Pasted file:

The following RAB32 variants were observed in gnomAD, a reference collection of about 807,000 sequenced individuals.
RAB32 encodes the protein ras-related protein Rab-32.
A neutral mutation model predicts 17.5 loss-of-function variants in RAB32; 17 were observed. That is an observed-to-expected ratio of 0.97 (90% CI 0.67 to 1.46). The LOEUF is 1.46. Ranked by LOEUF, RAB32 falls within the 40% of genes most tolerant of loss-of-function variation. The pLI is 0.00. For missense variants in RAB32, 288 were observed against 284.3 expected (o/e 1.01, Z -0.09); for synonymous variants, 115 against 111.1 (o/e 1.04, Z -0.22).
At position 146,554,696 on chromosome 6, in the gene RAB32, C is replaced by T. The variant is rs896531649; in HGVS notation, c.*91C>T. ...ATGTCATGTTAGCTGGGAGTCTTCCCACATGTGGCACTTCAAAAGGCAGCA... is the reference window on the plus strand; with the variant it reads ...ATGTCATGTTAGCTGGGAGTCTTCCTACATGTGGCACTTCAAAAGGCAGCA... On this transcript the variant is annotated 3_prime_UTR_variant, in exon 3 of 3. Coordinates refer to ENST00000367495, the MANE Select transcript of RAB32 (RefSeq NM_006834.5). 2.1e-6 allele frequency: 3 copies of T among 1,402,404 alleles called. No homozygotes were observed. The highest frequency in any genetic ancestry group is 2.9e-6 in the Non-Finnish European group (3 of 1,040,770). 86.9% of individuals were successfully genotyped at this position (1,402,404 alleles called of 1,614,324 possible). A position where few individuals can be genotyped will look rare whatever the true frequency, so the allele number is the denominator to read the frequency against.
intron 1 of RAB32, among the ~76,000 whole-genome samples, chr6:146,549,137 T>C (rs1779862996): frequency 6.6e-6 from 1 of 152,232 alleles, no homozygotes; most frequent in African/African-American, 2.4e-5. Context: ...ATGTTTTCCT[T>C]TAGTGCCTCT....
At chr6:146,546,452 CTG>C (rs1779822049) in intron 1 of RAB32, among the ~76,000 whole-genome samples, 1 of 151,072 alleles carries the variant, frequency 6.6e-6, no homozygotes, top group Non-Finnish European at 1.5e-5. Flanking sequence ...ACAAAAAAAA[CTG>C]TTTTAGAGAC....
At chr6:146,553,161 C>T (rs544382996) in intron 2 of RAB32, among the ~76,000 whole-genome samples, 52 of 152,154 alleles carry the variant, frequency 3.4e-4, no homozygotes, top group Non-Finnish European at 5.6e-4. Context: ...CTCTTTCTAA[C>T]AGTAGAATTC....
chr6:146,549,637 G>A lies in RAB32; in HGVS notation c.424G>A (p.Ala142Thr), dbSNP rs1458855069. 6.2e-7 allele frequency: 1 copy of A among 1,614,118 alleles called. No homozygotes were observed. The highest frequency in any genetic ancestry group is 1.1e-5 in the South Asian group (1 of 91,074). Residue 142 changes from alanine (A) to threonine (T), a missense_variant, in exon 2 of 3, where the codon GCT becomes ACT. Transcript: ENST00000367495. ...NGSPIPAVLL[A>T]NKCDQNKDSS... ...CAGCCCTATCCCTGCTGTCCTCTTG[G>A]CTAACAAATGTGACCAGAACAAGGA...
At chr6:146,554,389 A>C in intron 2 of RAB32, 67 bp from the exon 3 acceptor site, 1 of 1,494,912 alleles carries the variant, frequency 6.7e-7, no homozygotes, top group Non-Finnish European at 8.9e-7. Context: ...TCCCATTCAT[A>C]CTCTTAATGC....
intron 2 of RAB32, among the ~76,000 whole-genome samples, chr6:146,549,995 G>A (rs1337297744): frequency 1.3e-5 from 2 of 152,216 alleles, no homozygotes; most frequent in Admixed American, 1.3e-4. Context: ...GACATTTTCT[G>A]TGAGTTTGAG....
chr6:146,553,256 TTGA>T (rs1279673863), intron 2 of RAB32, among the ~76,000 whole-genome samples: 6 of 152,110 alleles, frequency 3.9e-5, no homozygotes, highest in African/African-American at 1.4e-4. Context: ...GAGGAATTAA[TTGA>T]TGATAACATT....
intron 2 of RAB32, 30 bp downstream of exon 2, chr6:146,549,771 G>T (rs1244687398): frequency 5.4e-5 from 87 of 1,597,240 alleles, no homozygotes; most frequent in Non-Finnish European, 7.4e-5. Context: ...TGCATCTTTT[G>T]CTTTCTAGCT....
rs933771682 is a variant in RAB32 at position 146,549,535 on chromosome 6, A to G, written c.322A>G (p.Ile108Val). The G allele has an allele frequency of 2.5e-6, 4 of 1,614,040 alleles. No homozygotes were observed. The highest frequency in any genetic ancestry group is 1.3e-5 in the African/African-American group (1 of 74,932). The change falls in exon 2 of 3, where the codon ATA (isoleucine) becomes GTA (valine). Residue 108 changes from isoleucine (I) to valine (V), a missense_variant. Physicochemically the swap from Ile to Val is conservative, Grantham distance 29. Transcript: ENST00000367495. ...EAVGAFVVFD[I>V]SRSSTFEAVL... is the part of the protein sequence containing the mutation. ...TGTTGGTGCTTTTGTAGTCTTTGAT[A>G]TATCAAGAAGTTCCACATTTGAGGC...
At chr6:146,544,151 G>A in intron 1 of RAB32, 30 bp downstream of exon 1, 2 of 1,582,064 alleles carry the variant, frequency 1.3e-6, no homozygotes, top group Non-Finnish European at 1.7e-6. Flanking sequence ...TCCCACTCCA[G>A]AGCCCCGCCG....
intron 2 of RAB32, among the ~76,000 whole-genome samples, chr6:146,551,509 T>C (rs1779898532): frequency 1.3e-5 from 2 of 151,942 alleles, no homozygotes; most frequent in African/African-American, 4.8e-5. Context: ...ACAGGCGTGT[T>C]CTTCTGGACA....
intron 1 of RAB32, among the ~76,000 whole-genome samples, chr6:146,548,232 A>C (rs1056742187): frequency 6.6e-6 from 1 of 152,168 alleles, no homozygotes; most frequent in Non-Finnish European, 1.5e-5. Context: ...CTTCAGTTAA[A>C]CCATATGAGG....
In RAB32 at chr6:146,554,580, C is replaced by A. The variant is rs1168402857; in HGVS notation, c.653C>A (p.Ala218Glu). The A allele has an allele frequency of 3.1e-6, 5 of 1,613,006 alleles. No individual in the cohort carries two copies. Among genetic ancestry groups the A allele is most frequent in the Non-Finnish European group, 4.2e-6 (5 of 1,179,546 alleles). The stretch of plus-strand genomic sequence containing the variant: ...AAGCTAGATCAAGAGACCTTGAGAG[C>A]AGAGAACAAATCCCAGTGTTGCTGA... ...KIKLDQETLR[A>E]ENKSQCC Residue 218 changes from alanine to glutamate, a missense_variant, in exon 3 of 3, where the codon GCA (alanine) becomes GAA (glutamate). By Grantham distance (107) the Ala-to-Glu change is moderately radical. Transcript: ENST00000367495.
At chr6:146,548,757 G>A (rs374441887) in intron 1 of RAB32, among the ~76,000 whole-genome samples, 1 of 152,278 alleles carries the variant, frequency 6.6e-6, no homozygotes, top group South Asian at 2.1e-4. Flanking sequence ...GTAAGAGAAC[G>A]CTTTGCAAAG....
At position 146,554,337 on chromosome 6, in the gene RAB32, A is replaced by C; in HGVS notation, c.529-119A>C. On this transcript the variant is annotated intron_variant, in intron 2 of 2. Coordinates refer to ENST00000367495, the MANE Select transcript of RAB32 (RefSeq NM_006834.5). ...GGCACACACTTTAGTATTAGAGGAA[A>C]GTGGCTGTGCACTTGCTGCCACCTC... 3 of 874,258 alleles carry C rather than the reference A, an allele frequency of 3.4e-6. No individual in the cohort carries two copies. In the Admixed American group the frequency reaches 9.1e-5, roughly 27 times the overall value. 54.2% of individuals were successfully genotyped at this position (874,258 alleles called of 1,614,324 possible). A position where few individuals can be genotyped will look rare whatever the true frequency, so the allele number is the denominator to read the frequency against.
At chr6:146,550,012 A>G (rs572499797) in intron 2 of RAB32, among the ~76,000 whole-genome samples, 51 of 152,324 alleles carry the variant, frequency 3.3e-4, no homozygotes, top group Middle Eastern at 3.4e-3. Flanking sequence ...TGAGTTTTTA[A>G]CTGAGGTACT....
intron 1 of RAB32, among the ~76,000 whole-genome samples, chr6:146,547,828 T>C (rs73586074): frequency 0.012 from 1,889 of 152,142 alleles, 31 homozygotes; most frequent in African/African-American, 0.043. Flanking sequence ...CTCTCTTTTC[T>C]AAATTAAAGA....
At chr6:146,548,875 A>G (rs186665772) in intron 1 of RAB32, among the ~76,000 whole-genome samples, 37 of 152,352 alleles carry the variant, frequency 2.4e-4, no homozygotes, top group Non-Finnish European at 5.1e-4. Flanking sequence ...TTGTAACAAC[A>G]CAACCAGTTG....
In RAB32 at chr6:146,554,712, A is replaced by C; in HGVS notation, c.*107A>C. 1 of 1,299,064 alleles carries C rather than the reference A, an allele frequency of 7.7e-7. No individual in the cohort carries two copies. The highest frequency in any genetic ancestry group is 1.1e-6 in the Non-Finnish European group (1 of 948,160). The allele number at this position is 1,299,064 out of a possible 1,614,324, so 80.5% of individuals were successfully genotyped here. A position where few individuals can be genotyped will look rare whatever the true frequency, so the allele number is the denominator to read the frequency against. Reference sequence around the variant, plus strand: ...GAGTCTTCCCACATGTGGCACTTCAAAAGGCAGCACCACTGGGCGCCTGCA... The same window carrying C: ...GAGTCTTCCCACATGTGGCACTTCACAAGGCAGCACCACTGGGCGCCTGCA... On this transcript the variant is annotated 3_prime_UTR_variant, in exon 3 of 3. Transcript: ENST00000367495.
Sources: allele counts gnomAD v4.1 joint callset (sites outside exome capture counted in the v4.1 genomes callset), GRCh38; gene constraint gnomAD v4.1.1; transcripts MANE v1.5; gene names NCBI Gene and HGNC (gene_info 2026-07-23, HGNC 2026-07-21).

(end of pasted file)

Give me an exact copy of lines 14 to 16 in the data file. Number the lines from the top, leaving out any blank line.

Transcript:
At chr6:146,544,151 G>A in intron 1 of RAB32, 30 bp downstream of exon 1, 2 of 1,582,064 alleles carry the variant, frequency 1.3e-6, no homozygotes, top group Non-Finnish European at 1.7e-6. Flanking sequence ...TCCCACTCCA[G>A]AGCCCCGCCG....
intron 2 of RAB32, among the ~76,000 whole-genome samples, chr6:146,551,509 T>C (rs1779898532): frequency 1.3e-5 from 2 of 151,942 alleles, no homozygotes; most frequent in African/African-American, 4.8e-5. Context: ...ACAGGCGTGT[T>C]CTTCTGGACA....
intron 1 of RAB32, among the ~76,000 whole-genome samples, chr6:146,548,232 A>C (rs1056742187): frequency 6.6e-6 from 1 of 152,168 alleles, no homozygotes; most frequent in Non-Finnish European, 1.5e-5. Context: ...CTTCAGTTAA[A>C]CCATATGAGG....